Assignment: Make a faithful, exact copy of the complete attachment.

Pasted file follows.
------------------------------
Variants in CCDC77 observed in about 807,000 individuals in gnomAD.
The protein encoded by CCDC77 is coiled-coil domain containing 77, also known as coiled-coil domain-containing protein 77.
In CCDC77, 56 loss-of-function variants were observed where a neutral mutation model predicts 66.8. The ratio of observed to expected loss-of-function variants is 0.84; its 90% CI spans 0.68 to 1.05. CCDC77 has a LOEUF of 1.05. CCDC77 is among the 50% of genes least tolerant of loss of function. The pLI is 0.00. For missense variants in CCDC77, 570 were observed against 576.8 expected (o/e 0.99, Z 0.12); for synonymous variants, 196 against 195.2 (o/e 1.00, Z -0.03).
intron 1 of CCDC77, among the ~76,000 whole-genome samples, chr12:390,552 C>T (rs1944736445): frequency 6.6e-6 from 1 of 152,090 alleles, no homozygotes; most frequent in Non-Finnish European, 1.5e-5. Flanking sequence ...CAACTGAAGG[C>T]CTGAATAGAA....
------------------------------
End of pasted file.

Variants in CCDC77 observed in about 807,000 individuals in gnomAD.
The protein encoded by CCDC77 is coiled-coil domain containing 77, also known as coiled-coil domain-containing protein 77.
In CCDC77, 56 loss-of-function variants were observed where a neutral mutation model predicts 66.8. The ratio of observed to expected loss-of-function variants is 0.84; its 90% CI spans 0.68 to 1.05. CCDC77 has a LOEUF of 1.05. CCDC77 is among the 50% of genes least tolerant of loss of function. The pLI is 0.00. For missense variants in CCDC77, 570 were observed against 576.8 expected (o/e 0.99, Z 0.12); for synonymous variants, 196 against 195.2 (o/e 1.00, Z -0.03).
intron 1 of CCDC77, among the ~76,000 whole-genome samples, chr12:390,552 C>T (rs1944736445): frequency 6.6e-6 from 1 of 152,090 alleles, no homozygotes; most frequent in Non-Finnish European, 1.5e-5. Flanking sequence ...CAACTGAAGG[C>T]CTGAATAGAA....